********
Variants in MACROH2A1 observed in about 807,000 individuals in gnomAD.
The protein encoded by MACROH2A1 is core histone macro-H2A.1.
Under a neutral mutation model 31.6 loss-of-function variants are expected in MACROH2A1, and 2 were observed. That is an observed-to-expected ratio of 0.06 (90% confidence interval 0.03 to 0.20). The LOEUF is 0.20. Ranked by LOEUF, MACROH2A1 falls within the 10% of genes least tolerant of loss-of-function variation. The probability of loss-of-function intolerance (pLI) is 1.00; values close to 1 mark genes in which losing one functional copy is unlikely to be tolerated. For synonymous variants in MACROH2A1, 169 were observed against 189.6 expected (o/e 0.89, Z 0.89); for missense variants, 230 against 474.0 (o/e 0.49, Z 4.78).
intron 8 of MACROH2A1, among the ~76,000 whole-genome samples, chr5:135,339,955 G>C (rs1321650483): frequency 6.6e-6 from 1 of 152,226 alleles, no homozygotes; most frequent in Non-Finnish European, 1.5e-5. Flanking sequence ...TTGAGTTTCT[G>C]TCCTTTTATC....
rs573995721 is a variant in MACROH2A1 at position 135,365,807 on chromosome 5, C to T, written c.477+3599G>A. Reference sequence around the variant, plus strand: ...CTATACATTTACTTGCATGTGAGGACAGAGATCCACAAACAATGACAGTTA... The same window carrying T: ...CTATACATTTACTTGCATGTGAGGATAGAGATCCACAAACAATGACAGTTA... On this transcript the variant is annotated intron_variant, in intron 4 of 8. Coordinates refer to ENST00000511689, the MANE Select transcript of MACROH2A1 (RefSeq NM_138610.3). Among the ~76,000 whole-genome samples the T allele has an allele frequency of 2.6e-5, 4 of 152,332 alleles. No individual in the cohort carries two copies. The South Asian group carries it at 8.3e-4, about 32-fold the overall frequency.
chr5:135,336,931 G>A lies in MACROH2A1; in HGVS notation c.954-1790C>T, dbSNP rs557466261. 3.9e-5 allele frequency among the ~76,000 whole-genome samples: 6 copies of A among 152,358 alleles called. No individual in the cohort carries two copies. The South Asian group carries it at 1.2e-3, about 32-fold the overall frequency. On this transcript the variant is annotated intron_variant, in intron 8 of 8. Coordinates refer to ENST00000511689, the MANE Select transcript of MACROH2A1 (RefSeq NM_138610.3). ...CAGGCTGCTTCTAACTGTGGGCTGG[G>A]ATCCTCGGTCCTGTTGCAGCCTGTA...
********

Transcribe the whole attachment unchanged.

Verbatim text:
Variants in MACROH2A1 observed in about 807,000 individuals in gnomAD.
The protein encoded by MACROH2A1 is core histone macro-H2A.1.
Under a neutral mutation model 31.6 loss-of-function variants are expected in MACROH2A1, and 2 were observed. That is an observed-to-expected ratio of 0.06 (90% confidence interval 0.03 to 0.20). The LOEUF is 0.20. Ranked by LOEUF, MACROH2A1 falls within the 10% of genes least tolerant of loss-of-function variation. The probability of loss-of-function intolerance (pLI) is 1.00; values close to 1 mark genes in which losing one functional copy is unlikely to be tolerated. For synonymous variants in MACROH2A1, 169 were observed against 189.6 expected (o/e 0.89, Z 0.89); for missense variants, 230 against 474.0 (o/e 0.49, Z 4.78).
intron 8 of MACROH2A1, among the ~76,000 whole-genome samples, chr5:135,339,955 G>C (rs1321650483): frequency 6.6e-6 from 1 of 152,226 alleles, no homozygotes; most frequent in Non-Finnish European, 1.5e-5. Flanking sequence ...TTGAGTTTCT[G>C]TCCTTTTATC....
rs573995721 is a variant in MACROH2A1 at position 135,365,807 on chromosome 5, C to T, written c.477+3599G>A. Reference sequence around the variant, plus strand: ...CTATACATTTACTTGCATGTGAGGACAGAGATCCACAAACAATGACAGTTA... The same window carrying T: ...CTATACATTTACTTGCATGTGAGGATAGAGATCCACAAACAATGACAGTTA... On this transcript the variant is annotated intron_variant, in intron 4 of 8. Coordinates refer to ENST00000511689, the MANE Select transcript of MACROH2A1 (RefSeq NM_138610.3). Among the ~76,000 whole-genome samples the T allele has an allele frequency of 2.6e-5, 4 of 152,332 alleles. No individual in the cohort carries two copies. The South Asian group carries it at 8.3e-4, about 32-fold the overall frequency.
chr5:135,336,931 G>A lies in MACROH2A1; in HGVS notation c.954-1790C>T, dbSNP rs557466261. 3.9e-5 allele frequency among the ~76,000 whole-genome samples: 6 copies of A among 152,358 alleles called. No individual in the cohort carries two copies. The South Asian group carries it at 1.2e-3, about 32-fold the overall frequency. On this transcript the variant is annotated intron_variant, in intron 8 of 8. Coordinates refer to ENST00000511689, the MANE Select transcript of MACROH2A1 (RefSeq NM_138610.3). ...CAGGCTGCTTCTAACTGTGGGCTGG[G>A]ATCCTCGGTCCTGTTGCAGCCTGTA...